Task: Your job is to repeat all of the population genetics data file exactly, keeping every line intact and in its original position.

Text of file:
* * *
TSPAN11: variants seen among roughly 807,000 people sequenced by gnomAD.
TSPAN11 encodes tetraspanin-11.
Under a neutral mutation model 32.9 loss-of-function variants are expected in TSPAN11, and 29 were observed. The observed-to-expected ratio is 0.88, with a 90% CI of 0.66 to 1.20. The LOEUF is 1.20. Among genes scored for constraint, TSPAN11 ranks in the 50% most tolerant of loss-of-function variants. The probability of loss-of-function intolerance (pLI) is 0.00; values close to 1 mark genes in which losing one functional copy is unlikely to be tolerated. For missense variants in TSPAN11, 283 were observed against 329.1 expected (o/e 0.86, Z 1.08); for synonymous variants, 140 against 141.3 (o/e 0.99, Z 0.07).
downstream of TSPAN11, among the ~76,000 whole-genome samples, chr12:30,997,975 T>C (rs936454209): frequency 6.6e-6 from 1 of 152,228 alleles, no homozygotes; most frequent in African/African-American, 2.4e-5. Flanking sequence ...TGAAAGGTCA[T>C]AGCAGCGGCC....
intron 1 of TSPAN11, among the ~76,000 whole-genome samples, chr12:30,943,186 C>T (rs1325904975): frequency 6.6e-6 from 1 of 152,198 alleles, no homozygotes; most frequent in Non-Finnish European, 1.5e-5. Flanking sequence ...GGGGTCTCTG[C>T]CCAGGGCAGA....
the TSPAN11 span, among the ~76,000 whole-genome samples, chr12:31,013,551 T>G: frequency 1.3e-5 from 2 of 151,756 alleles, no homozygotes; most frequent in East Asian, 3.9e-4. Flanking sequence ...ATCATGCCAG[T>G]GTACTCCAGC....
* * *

TSPAN11: variants seen among roughly 807,000 people sequenced by gnomAD.
TSPAN11 encodes tetraspanin-11.
Under a neutral mutation model 32.9 loss-of-function variants are expected in TSPAN11, and 29 were observed. The observed-to-expected ratio is 0.88, with a 90% CI of 0.66 to 1.20. The LOEUF is 1.20. Among genes scored for constraint, TSPAN11 ranks in the 50% most tolerant of loss-of-function variants. The probability of loss-of-function intolerance (pLI) is 0.00; values close to 1 mark genes in which losing one functional copy is unlikely to be tolerated. For missense variants in TSPAN11, 283 were observed against 329.1 expected (o/e 0.86, Z 1.08); for synonymous variants, 140 against 141.3 (o/e 0.99, Z 0.07).
downstream of TSPAN11, among the ~76,000 whole-genome samples, chr12:30,997,975 T>C (rs936454209): frequency 6.6e-6 from 1 of 152,228 alleles, no homozygotes; most frequent in African/African-American, 2.4e-5. Flanking sequence ...TGAAAGGTCA[T>C]AGCAGCGGCC....
intron 1 of TSPAN11, among the ~76,000 whole-genome samples, chr12:30,943,186 C>T (rs1325904975): frequency 6.6e-6 from 1 of 152,198 alleles, no homozygotes; most frequent in Non-Finnish European, 1.5e-5. Flanking sequence ...GGGGTCTCTG[C>T]CCAGGGCAGA....
the TSPAN11 span, among the ~76,000 whole-genome samples, chr12:31,013,551 T>G: frequency 1.3e-5 from 2 of 151,756 alleles, no homozygotes; most frequent in East Asian, 3.9e-4. Flanking sequence ...ATCATGCCAG[T>G]GTACTCCAGC....